“the Metropolitan Museum had 6 million visitors in the museum vs 29 million on the website and 92 million on the Facebook page” - Sylvain Levy

Nonetheless, digital technologies such as virtual reality and television can enhance the museum experience. As mentioned earlier, augmented reality can help the visitor to visualise certain scenarios that are too difficult or too risky to realise. Similarly augmented reality, but also apps on a device can be used to make museum tours more interactive and to provide optional additional information. In addition, new media can expand beyond the museum walls to target previously unaddressed or unreachable groups of society. Sylvain Levy created VR gallery that allowed people from all over the world to visit his collection, thus removing geographical barriers. At the same time, DSL also built an immense hall housing an exhibition of enormous objects, something that never could have been realised in the real world. A downside to this method is that it transforms the enjoyment of art into a solitary activity. Sylvain Levy is positive that this will change in the future, yet it is difficult to imagine the appeal of VR-Skype.

In contrast to Feilden’s and Levy’s innovative approaches, Elizabeth Markevitch, has searched for alternatives in traditional, if not dying media. She has created a broadcasting channel solely focused on the explanation of art. By providing high-quality videos of artwork, people are able to look at the details of the art. TV can more easily reach an audience that has the time and interest to emerge themselves in art: children and elderly people. Though TV is more user-friendly and easily accessible than VR it only allows audiences to access curated content rather than creating their own experience. Audiences cannot use the material to enhance the experience of a real-life viewing.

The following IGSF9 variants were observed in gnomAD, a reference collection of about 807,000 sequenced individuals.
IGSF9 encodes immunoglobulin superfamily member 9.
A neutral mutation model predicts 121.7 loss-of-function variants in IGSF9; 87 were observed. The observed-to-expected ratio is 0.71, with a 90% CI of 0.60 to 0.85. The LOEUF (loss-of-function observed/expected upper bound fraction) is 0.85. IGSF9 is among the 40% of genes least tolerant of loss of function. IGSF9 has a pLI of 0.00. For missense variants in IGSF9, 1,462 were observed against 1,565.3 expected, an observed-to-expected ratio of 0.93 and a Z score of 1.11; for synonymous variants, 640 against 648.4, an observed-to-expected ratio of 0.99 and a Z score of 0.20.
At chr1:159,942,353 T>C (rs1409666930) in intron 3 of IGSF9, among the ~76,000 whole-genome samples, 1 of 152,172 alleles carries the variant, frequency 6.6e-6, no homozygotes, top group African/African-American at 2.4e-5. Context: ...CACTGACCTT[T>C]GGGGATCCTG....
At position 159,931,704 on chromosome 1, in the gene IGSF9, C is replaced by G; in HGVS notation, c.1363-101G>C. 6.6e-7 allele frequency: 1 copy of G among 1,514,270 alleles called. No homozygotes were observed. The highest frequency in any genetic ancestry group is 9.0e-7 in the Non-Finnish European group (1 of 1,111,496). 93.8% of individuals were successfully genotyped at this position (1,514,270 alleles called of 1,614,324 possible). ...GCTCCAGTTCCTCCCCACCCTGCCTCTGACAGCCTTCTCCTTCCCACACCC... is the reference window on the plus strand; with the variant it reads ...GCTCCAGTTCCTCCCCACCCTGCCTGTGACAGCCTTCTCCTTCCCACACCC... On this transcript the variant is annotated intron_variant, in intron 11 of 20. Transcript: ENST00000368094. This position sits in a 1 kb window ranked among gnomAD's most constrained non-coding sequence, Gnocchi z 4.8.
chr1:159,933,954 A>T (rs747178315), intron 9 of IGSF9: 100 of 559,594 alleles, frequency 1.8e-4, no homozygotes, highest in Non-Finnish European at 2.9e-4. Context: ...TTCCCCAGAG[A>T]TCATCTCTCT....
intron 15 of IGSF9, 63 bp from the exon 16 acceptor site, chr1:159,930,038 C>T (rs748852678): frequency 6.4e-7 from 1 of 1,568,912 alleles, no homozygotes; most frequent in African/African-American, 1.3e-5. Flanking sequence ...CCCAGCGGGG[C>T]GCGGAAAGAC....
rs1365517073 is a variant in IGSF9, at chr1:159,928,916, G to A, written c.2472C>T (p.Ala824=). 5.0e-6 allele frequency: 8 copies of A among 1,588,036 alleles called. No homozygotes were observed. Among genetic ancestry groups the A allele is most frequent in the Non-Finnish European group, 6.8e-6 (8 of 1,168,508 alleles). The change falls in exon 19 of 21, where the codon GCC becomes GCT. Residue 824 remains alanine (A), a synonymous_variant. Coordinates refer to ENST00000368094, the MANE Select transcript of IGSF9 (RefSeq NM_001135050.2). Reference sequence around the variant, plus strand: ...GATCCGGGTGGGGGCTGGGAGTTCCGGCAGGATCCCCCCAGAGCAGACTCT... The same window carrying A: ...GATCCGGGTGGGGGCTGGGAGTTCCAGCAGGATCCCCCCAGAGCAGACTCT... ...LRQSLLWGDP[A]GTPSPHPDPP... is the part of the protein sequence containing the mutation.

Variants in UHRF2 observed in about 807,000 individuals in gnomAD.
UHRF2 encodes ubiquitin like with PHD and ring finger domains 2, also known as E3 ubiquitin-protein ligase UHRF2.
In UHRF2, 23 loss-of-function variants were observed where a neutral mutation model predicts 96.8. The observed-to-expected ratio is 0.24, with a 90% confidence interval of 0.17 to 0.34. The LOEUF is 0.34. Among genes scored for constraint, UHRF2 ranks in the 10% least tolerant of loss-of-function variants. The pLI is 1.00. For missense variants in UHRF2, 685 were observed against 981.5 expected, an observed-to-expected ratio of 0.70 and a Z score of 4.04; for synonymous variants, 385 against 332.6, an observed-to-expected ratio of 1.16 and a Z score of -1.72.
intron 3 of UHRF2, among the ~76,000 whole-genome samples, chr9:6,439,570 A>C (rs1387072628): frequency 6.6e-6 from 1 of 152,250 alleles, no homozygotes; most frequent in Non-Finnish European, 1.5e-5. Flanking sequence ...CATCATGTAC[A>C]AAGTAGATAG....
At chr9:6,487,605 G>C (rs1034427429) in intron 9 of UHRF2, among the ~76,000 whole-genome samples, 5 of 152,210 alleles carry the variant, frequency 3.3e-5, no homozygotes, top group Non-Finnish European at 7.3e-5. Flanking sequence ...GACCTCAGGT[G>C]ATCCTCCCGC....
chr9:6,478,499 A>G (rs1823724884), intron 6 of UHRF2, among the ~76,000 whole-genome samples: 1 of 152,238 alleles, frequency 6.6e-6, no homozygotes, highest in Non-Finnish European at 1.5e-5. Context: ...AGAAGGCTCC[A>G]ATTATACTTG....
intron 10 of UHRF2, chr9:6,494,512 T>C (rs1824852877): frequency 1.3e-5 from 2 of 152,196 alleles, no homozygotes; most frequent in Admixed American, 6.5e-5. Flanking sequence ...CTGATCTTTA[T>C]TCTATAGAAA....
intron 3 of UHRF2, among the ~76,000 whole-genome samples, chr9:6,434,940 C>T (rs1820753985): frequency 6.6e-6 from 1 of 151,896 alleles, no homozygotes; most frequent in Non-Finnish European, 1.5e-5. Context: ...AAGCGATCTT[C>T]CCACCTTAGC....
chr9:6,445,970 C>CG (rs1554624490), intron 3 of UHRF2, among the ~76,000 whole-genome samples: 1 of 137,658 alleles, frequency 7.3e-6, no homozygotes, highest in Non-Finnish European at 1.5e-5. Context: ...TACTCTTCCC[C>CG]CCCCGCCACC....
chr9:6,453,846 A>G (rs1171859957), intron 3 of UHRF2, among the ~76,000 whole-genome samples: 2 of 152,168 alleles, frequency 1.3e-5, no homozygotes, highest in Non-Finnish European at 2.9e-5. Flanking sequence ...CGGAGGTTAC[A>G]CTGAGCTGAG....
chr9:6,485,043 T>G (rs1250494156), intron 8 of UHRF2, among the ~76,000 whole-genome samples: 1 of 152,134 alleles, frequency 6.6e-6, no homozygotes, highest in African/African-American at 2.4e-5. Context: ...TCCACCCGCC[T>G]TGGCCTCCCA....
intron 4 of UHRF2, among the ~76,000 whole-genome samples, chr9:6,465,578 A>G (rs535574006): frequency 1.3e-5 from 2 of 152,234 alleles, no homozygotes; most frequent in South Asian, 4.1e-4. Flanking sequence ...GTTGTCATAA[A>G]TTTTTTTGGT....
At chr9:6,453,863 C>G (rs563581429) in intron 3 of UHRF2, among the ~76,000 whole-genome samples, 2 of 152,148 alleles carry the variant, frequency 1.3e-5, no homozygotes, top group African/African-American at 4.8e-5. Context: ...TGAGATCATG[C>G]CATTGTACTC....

However, one reservation that in varying degrees is applicable to all of these approaches is that they target people who are already interested in art. For the curated approach, seems to miss out on the most powerful aspect of technology, which is to make art less elitist and to allow the public to view and enjoy art the way they see fit, even if that is without context.

“The advantage of technology is that it can be used to make art less elitist” - Member of the audience

Considering how the importance of social media will grow over the next few decades, more artworks will show up in people’s selfies on Facebook and Instagram. This shows the visitor’s need to share their experience, but it also raises critique that people are less interested in the art than in the likes it generates. For is the traditional attitude towards art based on value, history and technique the only right method or has this approach become outdated? Should we allow visitors to interpret and enjoy art the way they see fit, even if that means they may not understand or even know about the story and history of which it is a part of?